Traditional Japanese garden Kyu Shiba Rikyu dates to 1678 when land reclaimed from Tokyo Bay became the residence of Okugawa Tadatamo, an official of Tokugawa Shogunate. Kyu Shiba Rikyu is one of Tokyo’s oldest gardens, along with Koishikawa Korakuen. Kyu Shiba Rikyu was destroyed by fire in the 1923 earthquake, rebuilt and gifted by the Emperor as a city park.

Kyu Shiba Rikyu garden

Today this stroll garden with a focal pond and two small islands sits steps from Hamamatsuchou station, and surrounded by office buildings, bullet trains, the JR Yamanote line, a monorail, elevated train, and two elevated highways. The pond reflects manicured black pines, office towers and billboards. There is also a very elegant archery range with grass lawn, tatami seating area, and targets inked by hand. (See photos after the jump below).

Kyu Shiba Rikyu Garden

The pond and island were created over 400 years ago to recall China’s Seiko Lake (Xi Hu) and Reizan sacred mountain in Hangzhou (Zhejiang). Like at Koishikawa Korakuen, Kyu Shiba Rikyu was created at a time when garden design, philosophy, literature, and painting all borrowed heavily from China. Given our last century’s conflicts between Japan and China, is it too much to hope for artistic borrowings in this century?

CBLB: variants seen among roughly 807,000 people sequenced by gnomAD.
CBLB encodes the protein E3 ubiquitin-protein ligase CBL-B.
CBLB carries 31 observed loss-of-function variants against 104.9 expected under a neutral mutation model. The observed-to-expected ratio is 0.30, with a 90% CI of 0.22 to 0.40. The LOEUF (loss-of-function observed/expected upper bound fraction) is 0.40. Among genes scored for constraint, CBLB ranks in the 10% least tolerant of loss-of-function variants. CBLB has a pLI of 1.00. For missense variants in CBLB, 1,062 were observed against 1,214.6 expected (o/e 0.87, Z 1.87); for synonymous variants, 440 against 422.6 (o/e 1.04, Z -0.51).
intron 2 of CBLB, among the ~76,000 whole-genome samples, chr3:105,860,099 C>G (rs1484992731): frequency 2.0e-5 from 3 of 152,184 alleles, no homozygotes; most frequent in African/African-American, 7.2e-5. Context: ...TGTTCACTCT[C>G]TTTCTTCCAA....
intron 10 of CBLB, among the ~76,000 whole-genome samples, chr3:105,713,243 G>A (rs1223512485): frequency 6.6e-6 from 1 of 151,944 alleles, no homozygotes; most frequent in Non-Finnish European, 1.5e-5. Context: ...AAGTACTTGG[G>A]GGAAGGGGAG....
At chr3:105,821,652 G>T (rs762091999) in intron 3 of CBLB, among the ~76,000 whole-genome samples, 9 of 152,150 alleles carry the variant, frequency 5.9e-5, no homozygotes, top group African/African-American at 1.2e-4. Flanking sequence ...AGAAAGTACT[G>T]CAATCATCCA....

A wonderful garden diplomacy would be a photographic exploration of these 400 year old Japanese gardens and the Chinese landscapes that inspired them. How have the natural and designed environments changed? What contemporary landscapes could inspire today’s art exchanges?

Continue reading

Real estate ecology

Mitsubishi Estates Heat Island District Plan

Mitsubishi Estates, one of Japan’s largest real estate companies, has created a comprehensive plan for the downtown business district of Otemachi-Marunouchi-Yurakucho, where it owns one third of the land.

Mitsubishi Estates’ size and ecological principles lead the company to think beyond the scale of individual buildings. District heating, cooling and hot water systems provide energy efficiency for 65 buildings. Rooftop greening lowered summer temperatures 25 degrees celsius compared with concrete slab roofs, mitigating the heat island effect. Other efforts to lower the summer temperatures include sidewalk sprinklers, street trees, vertical gardens, and permeable sidewalks and roadways.

Mitsubishi Estates Marunouchi properties

I am impressed that Mitsubishi Estates is not only improving the environment and efficiency of its own buildings, but taking a leading role in improving the city’s environment. Working on the district level, Mitsubishi Estates relates their greening efforts to a larger goal of using their district to connect cooler breezes from Tokyo Bay across the office towers and into the Imperial Palace grounds and other parts of central Tokyo.